(mv 'error
(msg "There ~#0~[are no hypotheses~/is only one hypothesis~/are only ~
~n0 hypotheses~] in this goal, but your :BDD hint suggested ~
that there would be at least ~x1 ~
~#1~[~/hypothesis~/hypotheses]."
(1 (length topclause))
(1+ literalhint))
nil
pspv))
(t
(mvlet (hitp currentclause currentclausepts
removetrivialequivalencesttree)
(removetrivialequivalences topclause
(enumerateelements topclause 0)
t
(access rewriteconstant rcnst
:currentenabledstructure)
wrld state nil nil nil)
(declare (ignore hitp))
(let ((position (cond ((integerp literalhint)
(position literalhint
currentclausepts))
(t literalhint))))
(cond
((or (null position)
(and (eq literalhint :conc)
(not (member (1 (length topclause))
currentclausepts))))
(mv 'error
(msg "The attempt to use a :BDD hint for the goal named ~
\"~@0\" has failed. The problem is that the hint ~
specified that BDD processing was to be used on ~
the ~#1~[~n2 hypothesis~/conclusion~], which has ~
somehow disappeared. One possibility is that this ~
literal is an equivalence that has disappeared ~
after being used for substitution into the rest of ~
the goal. Another possibility is that this ~
literal has merged with another. We suspect, ~
therefore, that you would benefit by reconsidering ~
this :BDD hint, possibly attaching it to a ~
subsequent goal instead."
(tilde@clauseidphrase clid)
(if (null position) 0 1)
(if (null position) (1+ literalhint) 0))
nil
pspv))
(t
(let ((ens (access rewriteconstant rcnst
:currentenabledstructure)))
(mvlet (expandedclause ttree)
(expandclause
currentclause
(access rewriteconstant
rcnst
:fnstobeignoredbyrewrite)
wrld removetrivialequivalencesttree nil)
(mvlet
(contradictionp typealist fcpairlst)
(forwardchain expandedclause
nil
nil ; Let's not force
t ; donotreconsiderp
wrld
ens
(matchfreeoverride wrld)
state)
(cond
(contradictionp
; Note: When forwardchain returns with contradictionp = t, then the
; "fcpairlst" is really a ttree. We must add the removetrivial
; equivalences ttree to the ttree returned by forwardchain and we must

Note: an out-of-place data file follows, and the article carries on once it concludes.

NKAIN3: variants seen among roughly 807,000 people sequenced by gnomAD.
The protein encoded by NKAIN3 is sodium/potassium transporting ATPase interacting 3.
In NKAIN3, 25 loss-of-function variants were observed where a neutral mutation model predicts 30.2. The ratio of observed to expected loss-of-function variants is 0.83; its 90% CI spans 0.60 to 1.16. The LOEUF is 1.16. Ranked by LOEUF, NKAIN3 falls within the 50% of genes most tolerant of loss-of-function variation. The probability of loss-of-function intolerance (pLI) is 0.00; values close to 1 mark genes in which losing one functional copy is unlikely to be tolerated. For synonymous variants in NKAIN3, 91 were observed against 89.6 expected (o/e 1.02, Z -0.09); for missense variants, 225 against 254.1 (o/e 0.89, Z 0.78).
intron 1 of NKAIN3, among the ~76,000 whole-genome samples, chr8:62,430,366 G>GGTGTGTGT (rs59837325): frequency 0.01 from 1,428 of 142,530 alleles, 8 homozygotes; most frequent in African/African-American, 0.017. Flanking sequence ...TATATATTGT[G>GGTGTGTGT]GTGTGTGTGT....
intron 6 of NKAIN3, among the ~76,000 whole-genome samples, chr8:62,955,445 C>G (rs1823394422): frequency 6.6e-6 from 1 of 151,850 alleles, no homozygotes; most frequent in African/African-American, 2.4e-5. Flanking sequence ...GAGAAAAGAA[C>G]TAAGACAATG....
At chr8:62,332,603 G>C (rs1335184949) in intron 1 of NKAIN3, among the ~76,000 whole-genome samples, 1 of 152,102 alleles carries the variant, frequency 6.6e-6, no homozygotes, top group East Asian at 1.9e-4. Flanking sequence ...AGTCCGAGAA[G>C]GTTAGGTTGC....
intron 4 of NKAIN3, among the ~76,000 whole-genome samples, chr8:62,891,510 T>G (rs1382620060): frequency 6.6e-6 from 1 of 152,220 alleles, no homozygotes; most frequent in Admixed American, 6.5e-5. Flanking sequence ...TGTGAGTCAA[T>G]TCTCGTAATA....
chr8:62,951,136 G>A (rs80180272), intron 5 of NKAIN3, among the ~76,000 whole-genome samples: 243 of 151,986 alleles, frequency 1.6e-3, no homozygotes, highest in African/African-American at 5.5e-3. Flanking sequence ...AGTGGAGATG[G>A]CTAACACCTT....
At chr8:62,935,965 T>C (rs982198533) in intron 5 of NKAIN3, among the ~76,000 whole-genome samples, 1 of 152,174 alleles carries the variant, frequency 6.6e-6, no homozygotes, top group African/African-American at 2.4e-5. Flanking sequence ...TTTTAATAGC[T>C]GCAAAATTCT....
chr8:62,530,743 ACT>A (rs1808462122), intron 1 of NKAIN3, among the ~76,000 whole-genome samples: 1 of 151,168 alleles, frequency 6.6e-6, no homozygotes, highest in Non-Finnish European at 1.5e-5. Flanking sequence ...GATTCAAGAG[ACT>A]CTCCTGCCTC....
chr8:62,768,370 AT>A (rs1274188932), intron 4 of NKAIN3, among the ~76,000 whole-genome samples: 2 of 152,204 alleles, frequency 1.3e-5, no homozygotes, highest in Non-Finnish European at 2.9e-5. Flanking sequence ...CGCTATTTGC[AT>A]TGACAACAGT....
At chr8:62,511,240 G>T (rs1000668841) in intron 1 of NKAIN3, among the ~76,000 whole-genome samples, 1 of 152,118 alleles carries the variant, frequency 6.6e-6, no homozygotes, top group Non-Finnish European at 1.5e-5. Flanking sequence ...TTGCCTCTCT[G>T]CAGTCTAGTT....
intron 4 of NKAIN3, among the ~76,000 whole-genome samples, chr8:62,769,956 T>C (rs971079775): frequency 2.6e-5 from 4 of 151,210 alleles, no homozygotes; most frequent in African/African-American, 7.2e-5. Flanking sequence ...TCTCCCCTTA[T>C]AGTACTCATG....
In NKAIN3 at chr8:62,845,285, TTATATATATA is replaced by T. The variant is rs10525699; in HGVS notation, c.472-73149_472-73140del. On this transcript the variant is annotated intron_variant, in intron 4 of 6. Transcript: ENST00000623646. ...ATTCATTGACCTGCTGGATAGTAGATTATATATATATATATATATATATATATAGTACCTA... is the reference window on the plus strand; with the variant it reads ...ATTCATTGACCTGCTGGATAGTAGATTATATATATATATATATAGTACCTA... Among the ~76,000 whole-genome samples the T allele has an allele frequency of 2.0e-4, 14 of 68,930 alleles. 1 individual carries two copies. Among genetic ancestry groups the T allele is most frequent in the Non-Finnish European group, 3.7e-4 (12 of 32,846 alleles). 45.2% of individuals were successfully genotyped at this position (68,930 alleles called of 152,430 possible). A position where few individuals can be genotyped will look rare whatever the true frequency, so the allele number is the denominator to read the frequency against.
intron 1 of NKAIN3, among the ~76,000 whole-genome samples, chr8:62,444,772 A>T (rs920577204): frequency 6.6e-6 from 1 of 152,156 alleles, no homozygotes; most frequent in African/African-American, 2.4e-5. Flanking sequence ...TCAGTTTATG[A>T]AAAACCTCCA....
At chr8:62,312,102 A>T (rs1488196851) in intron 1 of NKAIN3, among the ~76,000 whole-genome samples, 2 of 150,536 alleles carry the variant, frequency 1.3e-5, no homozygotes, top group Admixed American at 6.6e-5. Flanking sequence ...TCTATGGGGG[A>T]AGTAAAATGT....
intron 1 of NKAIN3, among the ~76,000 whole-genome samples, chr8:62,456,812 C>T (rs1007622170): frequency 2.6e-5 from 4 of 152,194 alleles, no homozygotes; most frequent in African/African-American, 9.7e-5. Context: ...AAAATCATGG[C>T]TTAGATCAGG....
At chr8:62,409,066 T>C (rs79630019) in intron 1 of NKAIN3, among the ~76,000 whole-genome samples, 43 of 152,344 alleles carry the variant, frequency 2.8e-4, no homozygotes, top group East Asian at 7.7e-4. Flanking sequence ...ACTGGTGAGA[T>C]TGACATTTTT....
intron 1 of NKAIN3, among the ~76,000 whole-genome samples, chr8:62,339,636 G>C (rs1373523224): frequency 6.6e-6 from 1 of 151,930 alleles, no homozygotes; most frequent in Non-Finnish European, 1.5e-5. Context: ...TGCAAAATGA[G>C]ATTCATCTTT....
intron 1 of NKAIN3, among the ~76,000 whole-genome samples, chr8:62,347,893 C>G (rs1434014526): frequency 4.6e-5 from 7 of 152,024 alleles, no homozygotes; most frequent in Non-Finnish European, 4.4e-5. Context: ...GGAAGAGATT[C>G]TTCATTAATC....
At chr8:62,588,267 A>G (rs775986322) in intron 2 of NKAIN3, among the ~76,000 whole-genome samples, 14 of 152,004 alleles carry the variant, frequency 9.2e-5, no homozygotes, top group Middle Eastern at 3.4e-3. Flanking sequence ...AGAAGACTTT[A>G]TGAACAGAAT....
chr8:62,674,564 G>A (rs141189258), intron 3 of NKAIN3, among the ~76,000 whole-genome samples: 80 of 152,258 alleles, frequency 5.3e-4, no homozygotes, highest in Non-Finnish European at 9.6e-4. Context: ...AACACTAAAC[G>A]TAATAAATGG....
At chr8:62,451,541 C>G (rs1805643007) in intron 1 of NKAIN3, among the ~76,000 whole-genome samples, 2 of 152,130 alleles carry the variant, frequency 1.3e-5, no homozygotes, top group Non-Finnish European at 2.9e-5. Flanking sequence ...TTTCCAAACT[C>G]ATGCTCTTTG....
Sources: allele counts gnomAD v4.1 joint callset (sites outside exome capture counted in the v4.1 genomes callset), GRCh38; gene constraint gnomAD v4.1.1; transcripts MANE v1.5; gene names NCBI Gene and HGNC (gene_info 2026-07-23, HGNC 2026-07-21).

; remember our earlier case splits.
(mv t
nil
(constagtrees ttree fcpairlst)
pspv))
(t (mvlet (changedp clauses ttree)
; Ttree is either nil or a bddnote if changedp is 'miss or 'error. See
; waterfallstep.
(bddclause1 bddhint typealist
currentclause position
ttree
clid ens wrld state)
(mv changedp clauses ttree
pspv)))))))))))))))
; See showbdd and successive definitions for code used to inspect the
; results of using OBDDs.
(deflabel obdd
:doc
":DocSection Miscellaneous
ordered binary decision diagrams with rewriting~/
~l[bdd] for information on this topic.~/~/")
(deflabel bddalgorithm
; Note: the ``IFliftingforIF loop'' described here is really
; combineifcsts+.
:doc
":DocSection Bdd
summary of the BDD algorithm in ACL2~/
The BDD algorithm in ACL2 uses a combination of manipulation of
~c[IF] terms and unconditional rewriting. In this discussion we
begin with some relevant mathematical theory. This is followed by a
description of how ACL2 does BDDs, including concluding discussions
of soundness, completeness, and efficiency.
We recommend that you read the other documentation about BDDs in
ACL2 before reading the rather technical material that follows.
~l[BDD].~/
Here is an outline of our presentation. Readers who want a user
perspective, without undue mathematical theory, may wish to skip to
Part (B), referring to Part (A) only on occasion if necessary.
(A) ~st[Mathematical Considerations]
~bq[]
(A1) BDD term order
(A2) BDDconstructors and BDD terms, and their connection with
aborting the BDD algorithm